the first and second wireless transceiver having means to communicate with one another;
whereby the first and second wireless transceivers are the data communications path between modem of the portable computer and the wireless telephone base station.
10. An apparatus, as in
claim 9
, further comprising a manual switch, the manual switch located in the telephone handset and further having a voice position in which the wireless telephone is used for voice communications, and a data position in which the wireless telephone is used for data transmission between a computer and a telephone land line.
11. An apparatus, as in
claim 9
, further comprising a manual switch, the manual switch located in the wireless base station to and further having a voice position in which the wireless telephone is used for voice communications, and a data position in which the wireless telephone is used for data transmission between a computer and a telephone land line.
12. An apparatus for providing wireless data transmission between a modem in a portable computer and a telephone land line, further comprising:
a telephone, the telephone further comprising:
means to attach to a land telephone line; and
a telephone handset;
an acoustic coupler, further comprising:
means in the acoustic coupler to attach to the telephone handset such that data can be sent bidirectionally through the acoustic coupler to the telephone; and
means to communicate wirelessly with a modem in a portable computer;
whereby the portable computer can wirelessly communicate with the telephone land line via the acoustic coupler and the telephone.
13. A method of providing wireless data transmission between a modem in a portable computer and a telephone land line, including the steps of:
attaching a wireless telephone having a base station and a wireless handset to a land line; and
communicating between the wireless base station and the wireless handset;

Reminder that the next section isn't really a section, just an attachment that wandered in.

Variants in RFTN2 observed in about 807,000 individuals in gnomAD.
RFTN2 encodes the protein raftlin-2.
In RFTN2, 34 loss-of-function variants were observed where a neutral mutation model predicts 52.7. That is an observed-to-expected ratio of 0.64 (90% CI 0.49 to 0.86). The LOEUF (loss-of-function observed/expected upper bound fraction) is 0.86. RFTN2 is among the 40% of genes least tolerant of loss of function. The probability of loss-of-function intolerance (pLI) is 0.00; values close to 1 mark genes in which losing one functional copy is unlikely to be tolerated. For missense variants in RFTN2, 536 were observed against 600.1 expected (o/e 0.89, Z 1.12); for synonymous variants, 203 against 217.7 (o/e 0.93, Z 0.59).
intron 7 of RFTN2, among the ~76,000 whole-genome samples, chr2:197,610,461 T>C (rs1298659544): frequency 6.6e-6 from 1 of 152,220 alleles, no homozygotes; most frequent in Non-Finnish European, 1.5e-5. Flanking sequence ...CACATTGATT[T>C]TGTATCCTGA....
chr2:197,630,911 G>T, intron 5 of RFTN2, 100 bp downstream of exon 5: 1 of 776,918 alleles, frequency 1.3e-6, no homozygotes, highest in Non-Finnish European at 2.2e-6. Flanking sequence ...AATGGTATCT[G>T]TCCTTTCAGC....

communicating between the wireless telephone and a modem in a portable computer;
whereby a portable computer can communicate with a telephone land line via a wireless telephone.
14. A method, as in
claim 13
, including the additional step of attaching a manual switch to the wireless telephone handset, the manual switch having a voice position in which the wireless telephone is used for voice communications, and a data position in which the wireless telephone is used for data transmission between a computer and a telephone land line.
15. A method, as in
claim 13
, including the additional step of attaching a manual switch to the wireless telephone base station, the manual switch having a voice position in which the wireless telephone is used for voice communications, and a data position in which the wireless telephone is used for data transmission between a computer and a telephone land line.
16. A method, as in
claim 13
, including the additional step of using a telephone communications network as the land line.
17. A method, as in
claim 13
, including the additional step of using a fiber-optic communications network as the land line.
18. A method, as in
claim 13
, including the additional step of using a coaxial cable communications network as the land line.
19. A method, as in
claim 13
, including the additional steps of:
the means to communicate with the modem in the portable computer further comprises:
connecting a first end of a cable to the wireless telephone handset; and
connecting a second end of the cable to the modem of a portable computer;
whereby the cable connects the modem of the portable computer to the wireless telephone handset which communicates with the wireless telephone base station which is connected to and communicates with the land line.
20. A method, as in
claim 13
, including the additional steps of:
communicating between the modem in the portable computer and the wireless telephone by attaching a first wireless transceiver to the wireless telephone handset, and attaching a second wireless transceiver to the modem of a portable computer; and
communicating between the portable computer in the wireless telephone via the first and second wireless transceivers;
whereby the first and second wireless transceivers are the data communications path between modem of the portable computer and the wireless telephone handset.
21. A method, as in
claim 13
, including the additional steps of:
communicating between the modem in the portable computer and the wireless telephone by attaching a first wireless transceiver to the wireless telephone base station, and attaching a second wireless transceiver to the modem of a portable computer; and
communicating between the portable computer in the wireless telephone via the first and second wireless transceivers;